Yeast Leavening Report

Leavening techniques for yeast breads include yeast fermentation. The yeast is activated and when ferments sugar it produces CO2 that increases the dough’s size. Quick breads, biscuits, and muffins all use chemical leavening agents such as baking soda and an acid or baking powder. The acid and the base in the chemical leavening agent react to form CO2 that cause dough rising like yeast fermentation. Gluten free products use yeast and gums to help leaven the product and set its structure to trap CO2 bubbles. Gluten free products however typically do not rise as well as yeast or chemical leavening agent techniques because of the lack of elasticity formed by gluten’s structure that traps the CO2 within the bread. The leavening techniques …show more content…
Gluten is a protein matrix made up of the gluten forming proteins: glutenin and gliadin. These two proteins are unquie because when they are kneaded and hydrated, they associate with one another and form an elastic protein matrix. The function of gluten is to add elasticity to the product and trap the CO¬¬2 produced from the leavening agent to help the dough rise and shape. Yeast breads without gluten have difficulties trapping the CO¬2 within the bread structure and raising the bread because there is not enough elasticity. Gums, such as xanthan gum, can be added to help trap the gas bubbles but it is not a perfect substitute. Gluten can be allergenic if a person lacks the protease to break down gluten’s specific protein …show more content…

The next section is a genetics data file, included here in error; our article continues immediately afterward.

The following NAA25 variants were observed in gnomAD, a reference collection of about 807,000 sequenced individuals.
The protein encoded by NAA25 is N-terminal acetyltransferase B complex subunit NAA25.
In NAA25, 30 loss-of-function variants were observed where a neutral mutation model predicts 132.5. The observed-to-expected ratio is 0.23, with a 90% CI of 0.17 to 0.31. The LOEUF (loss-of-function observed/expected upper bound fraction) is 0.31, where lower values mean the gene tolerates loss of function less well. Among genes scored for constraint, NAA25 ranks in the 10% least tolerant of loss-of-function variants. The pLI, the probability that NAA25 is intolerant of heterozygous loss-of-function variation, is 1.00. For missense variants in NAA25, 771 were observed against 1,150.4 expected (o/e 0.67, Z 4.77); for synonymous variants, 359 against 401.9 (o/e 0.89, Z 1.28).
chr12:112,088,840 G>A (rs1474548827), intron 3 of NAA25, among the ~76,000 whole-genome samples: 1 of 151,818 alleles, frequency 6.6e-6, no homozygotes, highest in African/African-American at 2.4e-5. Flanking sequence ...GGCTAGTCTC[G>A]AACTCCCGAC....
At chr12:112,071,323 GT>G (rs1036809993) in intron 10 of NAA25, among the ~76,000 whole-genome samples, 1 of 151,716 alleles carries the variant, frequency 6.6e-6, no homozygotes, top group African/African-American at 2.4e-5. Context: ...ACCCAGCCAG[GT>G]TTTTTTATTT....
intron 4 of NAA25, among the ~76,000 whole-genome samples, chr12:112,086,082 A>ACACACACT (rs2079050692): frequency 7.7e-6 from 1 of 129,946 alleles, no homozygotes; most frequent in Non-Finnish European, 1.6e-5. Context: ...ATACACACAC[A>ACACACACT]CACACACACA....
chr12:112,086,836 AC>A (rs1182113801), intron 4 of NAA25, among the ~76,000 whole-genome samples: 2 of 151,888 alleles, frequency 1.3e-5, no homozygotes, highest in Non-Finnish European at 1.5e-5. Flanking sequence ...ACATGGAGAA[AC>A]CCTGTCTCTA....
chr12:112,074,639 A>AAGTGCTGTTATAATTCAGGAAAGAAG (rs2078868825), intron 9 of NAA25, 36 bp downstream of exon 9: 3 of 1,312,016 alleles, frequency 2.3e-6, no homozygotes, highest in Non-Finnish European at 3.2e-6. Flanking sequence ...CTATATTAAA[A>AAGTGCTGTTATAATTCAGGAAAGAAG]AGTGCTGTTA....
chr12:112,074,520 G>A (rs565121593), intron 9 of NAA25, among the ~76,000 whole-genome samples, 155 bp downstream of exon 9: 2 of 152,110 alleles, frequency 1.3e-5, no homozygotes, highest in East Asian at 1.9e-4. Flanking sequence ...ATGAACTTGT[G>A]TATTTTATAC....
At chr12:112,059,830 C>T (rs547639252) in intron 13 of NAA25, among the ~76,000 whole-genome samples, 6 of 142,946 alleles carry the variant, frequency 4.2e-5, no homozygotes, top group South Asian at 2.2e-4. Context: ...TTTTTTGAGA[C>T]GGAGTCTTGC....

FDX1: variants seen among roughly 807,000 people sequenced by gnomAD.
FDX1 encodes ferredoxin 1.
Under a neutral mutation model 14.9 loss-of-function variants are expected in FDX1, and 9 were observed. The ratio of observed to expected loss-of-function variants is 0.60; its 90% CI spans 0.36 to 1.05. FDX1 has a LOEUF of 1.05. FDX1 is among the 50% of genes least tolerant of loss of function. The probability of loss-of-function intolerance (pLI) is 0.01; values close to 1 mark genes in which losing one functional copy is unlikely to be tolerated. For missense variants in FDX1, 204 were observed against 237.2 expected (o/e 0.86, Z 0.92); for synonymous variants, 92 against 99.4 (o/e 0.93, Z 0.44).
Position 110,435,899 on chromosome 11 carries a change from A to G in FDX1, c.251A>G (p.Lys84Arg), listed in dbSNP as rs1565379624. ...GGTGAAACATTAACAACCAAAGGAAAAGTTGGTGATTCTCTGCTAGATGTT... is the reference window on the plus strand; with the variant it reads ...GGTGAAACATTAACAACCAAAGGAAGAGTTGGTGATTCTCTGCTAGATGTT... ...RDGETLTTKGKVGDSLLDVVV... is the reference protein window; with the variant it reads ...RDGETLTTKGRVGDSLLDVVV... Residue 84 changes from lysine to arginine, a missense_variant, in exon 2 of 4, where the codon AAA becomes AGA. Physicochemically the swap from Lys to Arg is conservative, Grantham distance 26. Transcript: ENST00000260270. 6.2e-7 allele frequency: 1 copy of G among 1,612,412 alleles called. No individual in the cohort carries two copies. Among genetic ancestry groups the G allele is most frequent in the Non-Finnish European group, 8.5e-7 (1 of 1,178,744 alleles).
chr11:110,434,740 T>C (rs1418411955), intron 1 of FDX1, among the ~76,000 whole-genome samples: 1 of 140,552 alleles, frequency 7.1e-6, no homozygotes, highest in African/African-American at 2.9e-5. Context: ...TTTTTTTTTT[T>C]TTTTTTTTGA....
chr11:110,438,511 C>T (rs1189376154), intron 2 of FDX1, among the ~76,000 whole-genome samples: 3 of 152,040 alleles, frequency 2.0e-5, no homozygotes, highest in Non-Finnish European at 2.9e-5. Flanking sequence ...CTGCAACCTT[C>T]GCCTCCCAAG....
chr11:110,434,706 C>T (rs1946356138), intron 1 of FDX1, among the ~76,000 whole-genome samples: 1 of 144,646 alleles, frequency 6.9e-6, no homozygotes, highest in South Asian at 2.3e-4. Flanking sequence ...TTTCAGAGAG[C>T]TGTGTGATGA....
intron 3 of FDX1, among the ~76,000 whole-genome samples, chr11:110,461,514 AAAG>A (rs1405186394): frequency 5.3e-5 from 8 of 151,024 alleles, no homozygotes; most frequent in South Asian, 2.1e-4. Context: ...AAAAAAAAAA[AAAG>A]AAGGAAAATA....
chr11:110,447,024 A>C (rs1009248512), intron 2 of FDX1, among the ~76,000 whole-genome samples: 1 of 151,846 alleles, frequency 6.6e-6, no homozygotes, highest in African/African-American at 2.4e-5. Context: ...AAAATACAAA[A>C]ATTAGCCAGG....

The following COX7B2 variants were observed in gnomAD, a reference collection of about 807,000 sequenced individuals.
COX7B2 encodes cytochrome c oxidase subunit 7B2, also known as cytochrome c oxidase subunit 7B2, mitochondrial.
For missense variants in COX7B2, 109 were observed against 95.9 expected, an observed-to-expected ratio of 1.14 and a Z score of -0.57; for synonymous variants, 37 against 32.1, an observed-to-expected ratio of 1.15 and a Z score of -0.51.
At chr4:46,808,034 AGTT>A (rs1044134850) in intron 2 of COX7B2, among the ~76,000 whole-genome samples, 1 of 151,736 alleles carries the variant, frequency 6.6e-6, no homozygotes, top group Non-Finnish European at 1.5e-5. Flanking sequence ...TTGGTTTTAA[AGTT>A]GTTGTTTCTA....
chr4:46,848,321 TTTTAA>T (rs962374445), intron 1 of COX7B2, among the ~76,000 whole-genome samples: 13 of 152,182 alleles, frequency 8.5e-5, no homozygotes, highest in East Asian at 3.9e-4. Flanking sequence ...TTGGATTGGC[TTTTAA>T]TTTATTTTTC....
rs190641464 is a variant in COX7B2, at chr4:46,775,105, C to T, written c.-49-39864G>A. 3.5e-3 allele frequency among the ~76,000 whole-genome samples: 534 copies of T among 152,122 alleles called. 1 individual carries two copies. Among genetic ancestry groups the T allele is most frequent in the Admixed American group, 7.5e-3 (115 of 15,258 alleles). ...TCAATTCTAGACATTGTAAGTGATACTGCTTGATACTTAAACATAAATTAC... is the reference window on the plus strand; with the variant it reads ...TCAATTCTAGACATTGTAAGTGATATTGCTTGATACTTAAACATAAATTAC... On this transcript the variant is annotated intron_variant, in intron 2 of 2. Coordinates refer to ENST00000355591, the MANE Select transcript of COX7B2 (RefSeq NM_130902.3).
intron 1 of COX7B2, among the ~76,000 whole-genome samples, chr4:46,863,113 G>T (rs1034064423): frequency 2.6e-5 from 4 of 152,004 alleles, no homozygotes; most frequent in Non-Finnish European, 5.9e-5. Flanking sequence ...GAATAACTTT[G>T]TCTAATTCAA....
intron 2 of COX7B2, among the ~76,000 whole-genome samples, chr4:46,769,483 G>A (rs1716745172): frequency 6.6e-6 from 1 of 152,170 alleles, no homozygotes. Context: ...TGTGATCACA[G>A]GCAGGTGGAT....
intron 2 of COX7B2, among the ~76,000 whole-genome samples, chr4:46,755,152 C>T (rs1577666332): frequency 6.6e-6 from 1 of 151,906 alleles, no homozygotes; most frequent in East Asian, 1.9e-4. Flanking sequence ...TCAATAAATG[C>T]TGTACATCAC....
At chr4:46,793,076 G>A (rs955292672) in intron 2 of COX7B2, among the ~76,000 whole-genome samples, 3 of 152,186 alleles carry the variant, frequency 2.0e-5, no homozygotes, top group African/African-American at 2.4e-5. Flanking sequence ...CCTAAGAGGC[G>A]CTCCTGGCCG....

A blend of potato starch, tapioca flour and sorghum flours can be used to make gluten free bread. Sorghum flour is high in protein content that helps with imitation of gluten structure, but often imparts a darker coloring to the bread. Tapioca flour has high carbohydrate levels and little protein or fiber structure (Layton, 2010). Potato starch is higher than tapioca flour in carbohydrates but also has no fiber or protein (Layton, 2010). Tapioca flour and potato starch add to the softness of the dough and sorghum flour helps with the protein structure, however the combination still does not match the qualities that a gluten structure would have due to the reduced protein and higher carbohydrate levels.
8. Potential Causes of the Following Bread Faults
a. Poor Volume- Did not proof long enough
b. Too Much Volume – did not punch out dough
c. Poor Shape- did not knead long enough
d. Split or burst crust – Slits not made on top of bread for steam to escape
e. Crumb too dense or close-grained- The baking temperature was too high
f. Crumb too course or open- dough was not hydrated enough
g. Poor texture or crumbly- too much flour was added
h. Crust too dark- the baking temperature was too high
i. Crust too pale- egg wash not added
j. Crust too thick- baking temperature too

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